Here's a neat plan by Ricardo Caballero to recapitalize banks without direct public expenditure: guarantee share prices for future dates.
Here is a “simple” proposal: The government pledges to buy up to twice the number of shares currently available, at twice some recent average price, five years from now. (Obviously the specific numbers are only an example.)
While the policy is about future (and unlikely) interventions, the immediate impact would be enormous. In particular, it would turn around the negative stock markets dynamics, and it would allow banks to raise private capital.
The most direct effect would be an increase in the price of banks’ shares by much more than 100 percent, as the pledge puts a floor on the price five years from now, but the upside potential is huge once we get over the crisis hurdle. That is, buying equity from these banks would become like buying Treasury bonds plus a call option on the upside. By the strong forces of contagion, this rise would immediately spread to non-financial shares. Consumers, especially retirees, would see some of their wealth replenished; insurance companies would see their balance sheets improve; destabilizing short-sellers and predators would be wiped out (a la Hong Kong in 1997); and we would have the foundations for a virtuous cycle.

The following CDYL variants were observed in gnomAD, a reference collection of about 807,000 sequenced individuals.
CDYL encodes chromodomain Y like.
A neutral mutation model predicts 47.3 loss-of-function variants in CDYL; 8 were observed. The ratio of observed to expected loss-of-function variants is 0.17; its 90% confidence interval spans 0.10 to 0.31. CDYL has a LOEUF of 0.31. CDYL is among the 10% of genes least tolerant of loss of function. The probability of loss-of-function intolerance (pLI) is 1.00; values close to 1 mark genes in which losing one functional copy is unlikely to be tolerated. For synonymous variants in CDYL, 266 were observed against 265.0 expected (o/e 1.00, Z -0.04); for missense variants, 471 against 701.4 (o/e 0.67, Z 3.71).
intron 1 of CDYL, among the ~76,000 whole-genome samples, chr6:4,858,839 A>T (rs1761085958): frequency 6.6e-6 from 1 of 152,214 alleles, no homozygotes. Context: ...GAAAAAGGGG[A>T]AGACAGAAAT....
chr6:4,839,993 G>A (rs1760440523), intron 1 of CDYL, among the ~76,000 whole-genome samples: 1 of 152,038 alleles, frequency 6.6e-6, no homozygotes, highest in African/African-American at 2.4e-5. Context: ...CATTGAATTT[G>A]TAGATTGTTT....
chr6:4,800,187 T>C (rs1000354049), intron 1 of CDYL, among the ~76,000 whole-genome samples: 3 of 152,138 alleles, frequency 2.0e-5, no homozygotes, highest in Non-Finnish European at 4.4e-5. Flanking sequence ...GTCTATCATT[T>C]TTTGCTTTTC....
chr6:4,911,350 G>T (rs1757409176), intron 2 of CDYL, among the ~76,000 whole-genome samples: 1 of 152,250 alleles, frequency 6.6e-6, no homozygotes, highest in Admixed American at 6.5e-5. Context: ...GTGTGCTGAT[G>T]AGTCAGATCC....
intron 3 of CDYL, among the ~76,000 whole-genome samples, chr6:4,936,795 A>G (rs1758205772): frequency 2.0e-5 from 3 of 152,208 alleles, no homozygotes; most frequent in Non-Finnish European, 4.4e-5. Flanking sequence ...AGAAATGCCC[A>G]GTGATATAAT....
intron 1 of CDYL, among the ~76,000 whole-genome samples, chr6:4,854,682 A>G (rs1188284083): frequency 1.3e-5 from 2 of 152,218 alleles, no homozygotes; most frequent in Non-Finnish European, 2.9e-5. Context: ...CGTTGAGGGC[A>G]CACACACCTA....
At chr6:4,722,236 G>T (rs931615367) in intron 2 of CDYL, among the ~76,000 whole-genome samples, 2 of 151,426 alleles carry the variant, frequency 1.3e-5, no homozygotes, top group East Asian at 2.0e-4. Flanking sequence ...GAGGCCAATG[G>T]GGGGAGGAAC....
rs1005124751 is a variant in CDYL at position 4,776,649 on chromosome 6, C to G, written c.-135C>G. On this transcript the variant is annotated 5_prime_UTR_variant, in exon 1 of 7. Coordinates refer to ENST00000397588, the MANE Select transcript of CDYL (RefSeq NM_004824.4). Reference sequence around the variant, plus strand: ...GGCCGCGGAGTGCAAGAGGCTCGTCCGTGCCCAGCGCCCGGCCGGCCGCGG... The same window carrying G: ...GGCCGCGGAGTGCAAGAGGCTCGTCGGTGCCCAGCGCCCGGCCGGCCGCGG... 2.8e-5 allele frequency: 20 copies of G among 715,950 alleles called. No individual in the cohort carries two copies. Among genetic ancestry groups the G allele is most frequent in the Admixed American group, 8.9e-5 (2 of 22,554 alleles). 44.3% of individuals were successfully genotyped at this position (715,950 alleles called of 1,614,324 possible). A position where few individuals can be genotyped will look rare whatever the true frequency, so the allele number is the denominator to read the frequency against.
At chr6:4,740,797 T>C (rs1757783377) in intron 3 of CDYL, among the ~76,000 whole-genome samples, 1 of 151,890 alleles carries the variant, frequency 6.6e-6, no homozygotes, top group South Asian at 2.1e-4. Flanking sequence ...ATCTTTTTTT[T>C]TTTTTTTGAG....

Amplifying effects and taxpayer costs
The second and reinforcing effect would be the stabilization of the financial sector, as banks would now possess the conditions necessary to raise private capital. Until now, banks have not wanted to raise capital because this would be highly dilutive at the current prices. Potential investors have no interest in injecting capital either because there is an enormous fear of further dilutions, especially through public interventions and, worse yet, outright nationalizations. A pledge to support the shares in the future, instead of the threat of nationalization in the short run, would reverse these bad dynamics and quickly recapitalize the banking sector.
How much will this cost the taxpayers? Most likely nothing. It is highly unlikely that the crisis will last five years, especially in the presence of an aggressive policy response, and most banks’ shares are likely to trade for many times current prices. In fact, I wrote “twice the recent prices” in my proposal to reduce the shock effect, but it may well be better to go for four times (and perhaps lengthen the period to ten years).
Best plan I've heard so far.